The force has degenerated into a partisan body; politicians have consistently prevented any serious reform of the police system
The arrest of JNU Students’ Union President Kanhaiya Kumar for sedition, and its accompanying fallout is now descending into a tragicomic farce. The tragic happened on Monday when BJP party men and lawyers attacked JNU students at the Patiala House courts, reportedly with the police standing by. The comic happened on Saturday when seven students belonging to a theatre group were detained and interrogated in New Delhi, allegedly because they “looked like” JNU students. They were taken to the Parliament Street Police Station and let off later in batches. More than the alleged charges of abetting terrorists, the degeneration of the Delhi Police into a partisan body bodes ill for the future.
A student from Jawaharlal Nehru University (JNU) is led away from the Patiala House court, where Kanhaiya Kumar was to appear, after violence broke out. Pic/AFP
Leave alone reflect on issues, the police leadership has shown a marked tendency to adopt a completely partisan position on them. This is evident from the promptness with which the police arrested the JNU Students Union president on the basis of a complaint by a group of Akhil Bharatiya Vidyarthi Parishad (ABVP) students. Anyone with even the faintest acquaintance of Indian politics would know that Kumar, an activist of the All India Students Federation, close to the Communist Party of India, is unlikely to make common cause with any group of separatists. The AISF has been staunchly mainstream and has been a strong backer of the government on issues relating to separatism, unlike its cousin the Students Federation of India which has a nuanced stand supporting states’ rights.
Not surprisingly, the Patiala House incident was dismissed as “minor” by Delhi police chief B S Bassi, who has remained centre-stage in this whole affair. On Sunday he said that a Delhi Police alert based on a tweet allegedly from Hafiz Muhammad Saeed was issued to warn students to stay away from “anti-India” slogans.” The tweet on an account @HafeezSaeedJUD, spells Hafiz as “Hafeez”. Analysing the tweets, Praveen Swami pointed out in the Indian Express that it was not networked with other Jamaat ud Dawa accounts and that the @HafizSaeedJUD account had been suspended earlier along with some other accounts by Twitter.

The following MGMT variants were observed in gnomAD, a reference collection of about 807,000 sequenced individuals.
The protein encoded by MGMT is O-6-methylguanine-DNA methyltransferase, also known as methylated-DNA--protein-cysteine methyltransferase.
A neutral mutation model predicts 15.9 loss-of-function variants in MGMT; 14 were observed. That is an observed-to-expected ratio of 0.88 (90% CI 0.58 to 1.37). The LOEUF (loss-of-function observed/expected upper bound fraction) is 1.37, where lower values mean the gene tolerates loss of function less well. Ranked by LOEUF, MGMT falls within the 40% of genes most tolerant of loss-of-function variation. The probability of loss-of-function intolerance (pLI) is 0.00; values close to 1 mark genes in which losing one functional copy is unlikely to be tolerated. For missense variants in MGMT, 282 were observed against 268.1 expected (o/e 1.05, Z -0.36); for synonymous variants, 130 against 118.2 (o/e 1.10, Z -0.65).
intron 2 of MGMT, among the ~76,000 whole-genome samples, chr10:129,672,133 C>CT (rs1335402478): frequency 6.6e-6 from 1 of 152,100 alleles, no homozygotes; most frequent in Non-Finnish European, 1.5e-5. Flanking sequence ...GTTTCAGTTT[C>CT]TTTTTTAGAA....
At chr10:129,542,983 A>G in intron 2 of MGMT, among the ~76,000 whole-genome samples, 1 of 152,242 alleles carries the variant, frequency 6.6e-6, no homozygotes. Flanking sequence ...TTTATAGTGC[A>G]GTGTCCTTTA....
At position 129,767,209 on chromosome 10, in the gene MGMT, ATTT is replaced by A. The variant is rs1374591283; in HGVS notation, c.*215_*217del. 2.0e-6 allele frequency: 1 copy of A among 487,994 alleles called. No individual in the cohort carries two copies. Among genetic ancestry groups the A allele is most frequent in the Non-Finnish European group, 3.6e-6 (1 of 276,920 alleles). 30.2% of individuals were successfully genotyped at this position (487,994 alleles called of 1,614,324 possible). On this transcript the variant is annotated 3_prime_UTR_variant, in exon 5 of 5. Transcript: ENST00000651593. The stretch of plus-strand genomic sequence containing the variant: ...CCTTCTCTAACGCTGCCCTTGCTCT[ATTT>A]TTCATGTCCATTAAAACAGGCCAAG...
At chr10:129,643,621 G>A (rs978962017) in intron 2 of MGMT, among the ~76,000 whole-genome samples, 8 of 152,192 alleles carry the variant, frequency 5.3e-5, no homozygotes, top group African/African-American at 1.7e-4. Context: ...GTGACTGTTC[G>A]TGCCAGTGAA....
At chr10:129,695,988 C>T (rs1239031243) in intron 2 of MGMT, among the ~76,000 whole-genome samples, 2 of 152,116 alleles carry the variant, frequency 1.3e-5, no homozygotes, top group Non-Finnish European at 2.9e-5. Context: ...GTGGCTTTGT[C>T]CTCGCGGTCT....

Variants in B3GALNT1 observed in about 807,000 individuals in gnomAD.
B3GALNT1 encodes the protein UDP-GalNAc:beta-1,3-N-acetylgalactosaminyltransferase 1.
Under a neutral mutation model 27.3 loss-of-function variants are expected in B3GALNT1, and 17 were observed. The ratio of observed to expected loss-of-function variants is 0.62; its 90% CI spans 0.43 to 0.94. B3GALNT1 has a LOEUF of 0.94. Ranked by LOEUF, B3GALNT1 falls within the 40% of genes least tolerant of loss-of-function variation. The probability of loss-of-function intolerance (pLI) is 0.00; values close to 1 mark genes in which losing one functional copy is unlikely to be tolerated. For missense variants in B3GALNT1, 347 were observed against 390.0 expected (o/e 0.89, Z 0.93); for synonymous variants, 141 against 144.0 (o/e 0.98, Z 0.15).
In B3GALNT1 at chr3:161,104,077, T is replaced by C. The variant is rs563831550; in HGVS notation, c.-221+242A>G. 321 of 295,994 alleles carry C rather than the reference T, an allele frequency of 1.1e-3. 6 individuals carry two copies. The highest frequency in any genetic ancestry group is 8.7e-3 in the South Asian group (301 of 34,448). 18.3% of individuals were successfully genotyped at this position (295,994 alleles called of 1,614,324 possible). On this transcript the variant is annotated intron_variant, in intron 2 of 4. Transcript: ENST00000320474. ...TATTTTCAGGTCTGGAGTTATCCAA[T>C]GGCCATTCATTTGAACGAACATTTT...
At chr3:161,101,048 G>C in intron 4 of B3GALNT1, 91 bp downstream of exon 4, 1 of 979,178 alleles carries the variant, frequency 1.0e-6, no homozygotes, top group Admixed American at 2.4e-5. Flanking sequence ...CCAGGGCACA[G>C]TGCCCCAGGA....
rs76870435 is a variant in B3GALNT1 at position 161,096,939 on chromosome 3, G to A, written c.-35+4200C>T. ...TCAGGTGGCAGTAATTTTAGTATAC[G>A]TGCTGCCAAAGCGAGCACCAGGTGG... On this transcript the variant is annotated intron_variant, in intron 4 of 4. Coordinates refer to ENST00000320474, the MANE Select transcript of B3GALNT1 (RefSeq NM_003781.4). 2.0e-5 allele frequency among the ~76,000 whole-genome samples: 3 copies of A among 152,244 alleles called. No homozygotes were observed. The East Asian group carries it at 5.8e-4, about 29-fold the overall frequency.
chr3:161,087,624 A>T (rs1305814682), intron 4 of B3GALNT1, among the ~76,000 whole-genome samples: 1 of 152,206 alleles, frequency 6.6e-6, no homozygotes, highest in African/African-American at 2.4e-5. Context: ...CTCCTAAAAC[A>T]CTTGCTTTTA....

Now, Bassi says that even a fake tweet merited attention because it was “sinister.” The uncharitable thought comes to mind that Bassi retires at the end of the month and has expressed his willingness to serve the nation even after retirement, if called upon to do so. As police chief, he would have served his office better by educating the public on the manner in which social media can be manipulated, rather than using a patently fake tweet to threaten students.
This is not the only controversy that has marred his term. At the end of last month, they were allegedly involved in bashing up a group of students protesting Rohith Vemula’s suicide in front of the RSS office in central Delhi. The brutal beating became public when a video showing some policemen, possibly, plainclothesmen beating up the students. Bassi says he has ordered a probe. A BJP-friendly daily next day showed pictures of police personnel who were allegedly injured by the students. So you can imagine where that inquiry is headed.
One feature that would be of keen interest to any police organisation that had a modicum of professionalism left, is to note how the social media is being used and manipulated to stoke protest. In the process tweets are being faked, and possibly video footage. It is unlikely that Kanhaiya Kumar was shouting any slogans in support of Afzal Guru, leave alone those allegedly calling for the destruction of India. Likewise a video purporting to show some ABVP activists shouting Pakistan Zindabad (Long live Pakistan) seems to be equally improbable.
These events have transpired in a university that is extremely small and diverse. But should this be repeated in other places and in a different setting, you could have a major law and order problem in your hands.
However, our police refuses to become a professional force and remains a hand-maiden of the powers that be. That suits the politicians and it is they who have consistently prevented any serious reform of the police system to take place. For this the BJP alone is not responsible, all political parties from the Congress to the CPI(M) have used and misused the police for their partisan purpose.
The saddest aspect of the whole situation is a word that will not be understood by our rashtravadi (nationalist) BJP. It is the word “bullying”. Taking on a handful of students and stomping all over them is no great sign of bravery. They show little of it in neighbouring Punjab, where the BJP forms part of the ruling coalition with the Akali Dal, and every now and then there are public functions where slogans in favour of Khalistan are raised, and killers of an Indian prime minister and a state chief minister honoured, yet, we don’t get a peep out of the bravehearts of the party.
The writer is a Distinguished Fellow, Observer Research Foundation, New Delhi